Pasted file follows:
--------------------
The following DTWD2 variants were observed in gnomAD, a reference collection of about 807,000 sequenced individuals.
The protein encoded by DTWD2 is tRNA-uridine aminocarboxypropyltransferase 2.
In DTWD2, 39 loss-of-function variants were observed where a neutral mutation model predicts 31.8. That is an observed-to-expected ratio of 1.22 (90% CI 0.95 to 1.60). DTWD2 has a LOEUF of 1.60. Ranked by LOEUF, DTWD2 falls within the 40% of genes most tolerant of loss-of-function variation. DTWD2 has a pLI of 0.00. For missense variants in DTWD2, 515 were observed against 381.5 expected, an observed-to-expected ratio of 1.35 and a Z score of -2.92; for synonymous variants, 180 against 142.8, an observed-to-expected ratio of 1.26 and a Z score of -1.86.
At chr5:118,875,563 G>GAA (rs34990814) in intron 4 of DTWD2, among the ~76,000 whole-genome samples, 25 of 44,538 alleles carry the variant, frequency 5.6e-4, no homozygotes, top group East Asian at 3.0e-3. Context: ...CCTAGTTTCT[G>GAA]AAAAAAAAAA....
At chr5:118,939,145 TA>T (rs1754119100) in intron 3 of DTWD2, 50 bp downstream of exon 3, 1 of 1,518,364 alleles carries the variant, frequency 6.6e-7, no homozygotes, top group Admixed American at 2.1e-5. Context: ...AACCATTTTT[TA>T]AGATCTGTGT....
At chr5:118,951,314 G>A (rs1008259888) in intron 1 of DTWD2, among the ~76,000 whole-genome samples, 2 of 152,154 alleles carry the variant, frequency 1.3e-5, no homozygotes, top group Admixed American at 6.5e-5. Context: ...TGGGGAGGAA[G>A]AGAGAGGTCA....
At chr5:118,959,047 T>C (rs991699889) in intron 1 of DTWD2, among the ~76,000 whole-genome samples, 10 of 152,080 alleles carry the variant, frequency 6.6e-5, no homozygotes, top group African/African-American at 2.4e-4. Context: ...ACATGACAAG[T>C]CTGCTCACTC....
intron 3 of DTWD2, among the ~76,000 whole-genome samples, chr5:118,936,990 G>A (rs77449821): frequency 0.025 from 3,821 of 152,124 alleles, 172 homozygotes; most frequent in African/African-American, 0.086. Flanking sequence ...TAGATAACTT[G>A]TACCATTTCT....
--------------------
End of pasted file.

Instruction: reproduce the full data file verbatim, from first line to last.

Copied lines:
The following DTWD2 variants were observed in gnomAD, a reference collection of about 807,000 sequenced individuals.
The protein encoded by DTWD2 is tRNA-uridine aminocarboxypropyltransferase 2.
In DTWD2, 39 loss-of-function variants were observed where a neutral mutation model predicts 31.8. That is an observed-to-expected ratio of 1.22 (90% CI 0.95 to 1.60). DTWD2 has a LOEUF of 1.60. Ranked by LOEUF, DTWD2 falls within the 40% of genes most tolerant of loss-of-function variation. DTWD2 has a pLI of 0.00. For missense variants in DTWD2, 515 were observed against 381.5 expected, an observed-to-expected ratio of 1.35 and a Z score of -2.92; for synonymous variants, 180 against 142.8, an observed-to-expected ratio of 1.26 and a Z score of -1.86.
At chr5:118,875,563 G>GAA (rs34990814) in intron 4 of DTWD2, among the ~76,000 whole-genome samples, 25 of 44,538 alleles carry the variant, frequency 5.6e-4, no homozygotes, top group East Asian at 3.0e-3. Context: ...CCTAGTTTCT[G>GAA]AAAAAAAAAA....
At chr5:118,939,145 TA>T (rs1754119100) in intron 3 of DTWD2, 50 bp downstream of exon 3, 1 of 1,518,364 alleles carries the variant, frequency 6.6e-7, no homozygotes, top group Admixed American at 2.1e-5. Context: ...AACCATTTTT[TA>T]AGATCTGTGT....
At chr5:118,951,314 G>A (rs1008259888) in intron 1 of DTWD2, among the ~76,000 whole-genome samples, 2 of 152,154 alleles carry the variant, frequency 1.3e-5, no homozygotes, top group Admixed American at 6.5e-5. Context: ...TGGGGAGGAA[G>A]AGAGAGGTCA....
At chr5:118,959,047 T>C (rs991699889) in intron 1 of DTWD2, among the ~76,000 whole-genome samples, 10 of 152,080 alleles carry the variant, frequency 6.6e-5, no homozygotes, top group African/African-American at 2.4e-4. Context: ...ACATGACAAG[T>C]CTGCTCACTC....
intron 3 of DTWD2, among the ~76,000 whole-genome samples, chr5:118,936,990 G>A (rs77449821): frequency 0.025 from 3,821 of 152,124 alleles, 172 homozygotes; most frequent in African/African-American, 0.086. Flanking sequence ...TAGATAACTT[G>A]TACCATTTCT....